Breaking it down: what's happening with USPS?
There’s a lot of news and controversy surrounding what’s happening at USPS, and the impact the agency may have on voting in the 2020 election. Here’s some brief background on what’s going on:
Because of the coronavirus pandemic, a record number of people in the U.S. are expected to vote by mail in some way; either by mail-in, absentee, or early voting. The question surrounding the 2020 election and USPS is whether the service can handle the influx of ballots.
The USPS is, and has been for years, struggling financially. President Trump appointed Louis Dejoy to be postmaster general in June of 2020. Once he started he created new policies and changes within operations which have in turn slowed mail delivery all over the country. Some of these policies include restricting overtime, removing sorting machines and maildrop boxes, and closing some post offices locations all together.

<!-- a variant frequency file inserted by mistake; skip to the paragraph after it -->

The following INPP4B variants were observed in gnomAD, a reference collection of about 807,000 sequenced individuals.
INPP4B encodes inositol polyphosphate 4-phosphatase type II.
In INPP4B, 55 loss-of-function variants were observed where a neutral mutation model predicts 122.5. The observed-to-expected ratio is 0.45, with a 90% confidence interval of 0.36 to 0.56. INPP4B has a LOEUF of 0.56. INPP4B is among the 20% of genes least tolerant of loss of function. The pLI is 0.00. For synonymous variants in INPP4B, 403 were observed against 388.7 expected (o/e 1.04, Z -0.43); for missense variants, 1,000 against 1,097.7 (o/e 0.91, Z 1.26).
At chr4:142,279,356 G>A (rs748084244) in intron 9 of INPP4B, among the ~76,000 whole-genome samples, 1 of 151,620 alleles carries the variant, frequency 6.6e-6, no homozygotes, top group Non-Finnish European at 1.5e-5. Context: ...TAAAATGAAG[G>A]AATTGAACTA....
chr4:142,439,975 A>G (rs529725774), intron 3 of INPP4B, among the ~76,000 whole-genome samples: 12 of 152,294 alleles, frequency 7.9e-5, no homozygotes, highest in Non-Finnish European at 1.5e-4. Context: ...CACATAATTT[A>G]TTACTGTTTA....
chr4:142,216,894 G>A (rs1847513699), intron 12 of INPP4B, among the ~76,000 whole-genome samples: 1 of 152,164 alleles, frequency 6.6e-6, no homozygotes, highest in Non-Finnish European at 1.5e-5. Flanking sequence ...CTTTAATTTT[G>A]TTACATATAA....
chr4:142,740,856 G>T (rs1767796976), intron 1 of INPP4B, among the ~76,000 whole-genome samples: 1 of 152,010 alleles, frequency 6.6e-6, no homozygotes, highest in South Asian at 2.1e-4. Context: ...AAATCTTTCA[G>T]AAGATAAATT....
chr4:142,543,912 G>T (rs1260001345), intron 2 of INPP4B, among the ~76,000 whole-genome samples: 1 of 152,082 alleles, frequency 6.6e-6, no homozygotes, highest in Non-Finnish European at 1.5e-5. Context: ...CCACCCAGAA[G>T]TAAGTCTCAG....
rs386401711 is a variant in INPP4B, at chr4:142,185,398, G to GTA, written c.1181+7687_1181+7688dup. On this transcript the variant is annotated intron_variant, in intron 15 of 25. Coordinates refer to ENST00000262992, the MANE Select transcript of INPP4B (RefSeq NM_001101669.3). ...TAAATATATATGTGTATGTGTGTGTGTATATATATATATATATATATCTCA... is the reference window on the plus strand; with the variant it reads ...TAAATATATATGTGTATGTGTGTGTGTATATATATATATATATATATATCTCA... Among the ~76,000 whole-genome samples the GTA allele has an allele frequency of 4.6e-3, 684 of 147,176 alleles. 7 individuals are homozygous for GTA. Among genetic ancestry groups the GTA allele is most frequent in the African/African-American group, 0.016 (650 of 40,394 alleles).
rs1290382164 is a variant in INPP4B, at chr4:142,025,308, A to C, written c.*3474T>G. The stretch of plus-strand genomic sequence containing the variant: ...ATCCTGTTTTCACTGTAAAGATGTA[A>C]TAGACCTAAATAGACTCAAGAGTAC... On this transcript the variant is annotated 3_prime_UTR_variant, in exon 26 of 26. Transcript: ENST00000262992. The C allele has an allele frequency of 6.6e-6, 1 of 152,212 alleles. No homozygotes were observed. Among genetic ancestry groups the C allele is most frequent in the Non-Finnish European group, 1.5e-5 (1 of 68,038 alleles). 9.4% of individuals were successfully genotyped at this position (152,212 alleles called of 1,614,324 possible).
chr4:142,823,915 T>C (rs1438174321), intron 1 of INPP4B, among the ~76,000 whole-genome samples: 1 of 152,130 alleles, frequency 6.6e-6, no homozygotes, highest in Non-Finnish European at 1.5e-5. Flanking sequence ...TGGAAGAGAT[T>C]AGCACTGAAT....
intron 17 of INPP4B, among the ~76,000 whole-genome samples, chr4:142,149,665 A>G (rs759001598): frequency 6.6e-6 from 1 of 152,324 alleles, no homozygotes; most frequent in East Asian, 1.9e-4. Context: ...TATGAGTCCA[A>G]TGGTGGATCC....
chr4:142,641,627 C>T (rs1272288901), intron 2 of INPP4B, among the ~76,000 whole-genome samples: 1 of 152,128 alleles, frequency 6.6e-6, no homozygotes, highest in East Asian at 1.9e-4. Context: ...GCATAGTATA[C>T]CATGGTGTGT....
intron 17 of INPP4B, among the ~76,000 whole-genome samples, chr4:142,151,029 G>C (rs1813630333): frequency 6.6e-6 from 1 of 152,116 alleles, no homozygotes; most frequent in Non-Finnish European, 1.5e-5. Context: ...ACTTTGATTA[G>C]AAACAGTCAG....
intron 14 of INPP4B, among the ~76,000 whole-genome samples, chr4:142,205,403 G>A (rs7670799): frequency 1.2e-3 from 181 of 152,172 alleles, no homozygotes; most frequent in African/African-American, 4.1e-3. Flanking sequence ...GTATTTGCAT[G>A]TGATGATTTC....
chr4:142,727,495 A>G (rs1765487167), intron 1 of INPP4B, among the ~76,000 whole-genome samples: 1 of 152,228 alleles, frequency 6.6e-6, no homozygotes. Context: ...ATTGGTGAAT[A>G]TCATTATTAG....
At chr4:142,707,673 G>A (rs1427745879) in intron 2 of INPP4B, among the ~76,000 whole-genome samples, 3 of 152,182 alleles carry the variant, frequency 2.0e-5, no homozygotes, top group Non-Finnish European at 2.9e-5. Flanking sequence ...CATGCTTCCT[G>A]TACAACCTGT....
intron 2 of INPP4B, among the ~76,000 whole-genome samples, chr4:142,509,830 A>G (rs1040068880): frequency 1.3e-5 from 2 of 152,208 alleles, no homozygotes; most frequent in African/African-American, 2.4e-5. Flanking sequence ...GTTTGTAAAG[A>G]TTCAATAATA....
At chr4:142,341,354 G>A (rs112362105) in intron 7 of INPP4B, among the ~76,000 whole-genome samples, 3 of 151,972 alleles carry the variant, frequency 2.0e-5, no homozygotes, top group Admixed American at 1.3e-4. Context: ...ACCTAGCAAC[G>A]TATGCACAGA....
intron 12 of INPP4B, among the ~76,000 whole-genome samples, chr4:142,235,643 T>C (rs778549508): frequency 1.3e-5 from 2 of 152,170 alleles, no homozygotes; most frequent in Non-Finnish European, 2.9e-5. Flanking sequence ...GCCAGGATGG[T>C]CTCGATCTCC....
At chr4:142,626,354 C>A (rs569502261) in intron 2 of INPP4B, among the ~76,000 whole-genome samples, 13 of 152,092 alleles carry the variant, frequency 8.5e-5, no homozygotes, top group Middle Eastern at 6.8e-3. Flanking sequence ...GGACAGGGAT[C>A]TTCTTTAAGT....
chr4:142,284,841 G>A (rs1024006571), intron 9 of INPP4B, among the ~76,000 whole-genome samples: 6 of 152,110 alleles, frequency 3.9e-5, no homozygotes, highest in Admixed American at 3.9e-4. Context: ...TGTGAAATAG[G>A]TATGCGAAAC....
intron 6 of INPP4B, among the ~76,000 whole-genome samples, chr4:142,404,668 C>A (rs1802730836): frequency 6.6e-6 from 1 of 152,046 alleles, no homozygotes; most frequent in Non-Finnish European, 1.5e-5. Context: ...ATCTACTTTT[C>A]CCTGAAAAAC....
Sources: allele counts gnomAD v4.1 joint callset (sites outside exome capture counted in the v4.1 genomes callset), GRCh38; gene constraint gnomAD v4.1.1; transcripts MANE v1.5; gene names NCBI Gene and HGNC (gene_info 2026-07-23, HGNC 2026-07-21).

Dejoy faced near immediate backlash from the public and from lawmakers. Democrats and some Republicans excused Dejoy, a Trump ally, of intentionally harming the efficiency within USPS to impact voting in the 2020 election.
The post office needs a bailout in order to be able to continue to operate. President Trump doesn’t want more people voting by mail and refuses a bailout. (Listen here. He says so himself.)House Speaker, Nancy Pelosi, called the House back into session over the weekend and passed a bill to fund USPS and offer support for the election.
Dejoy has testified before both chambers of congress, and has said that he is committed to making sure that the Post Office is prepared for the 2020 election. USPS has launched a new website dedicated to the election. You can find all the voting information you need here.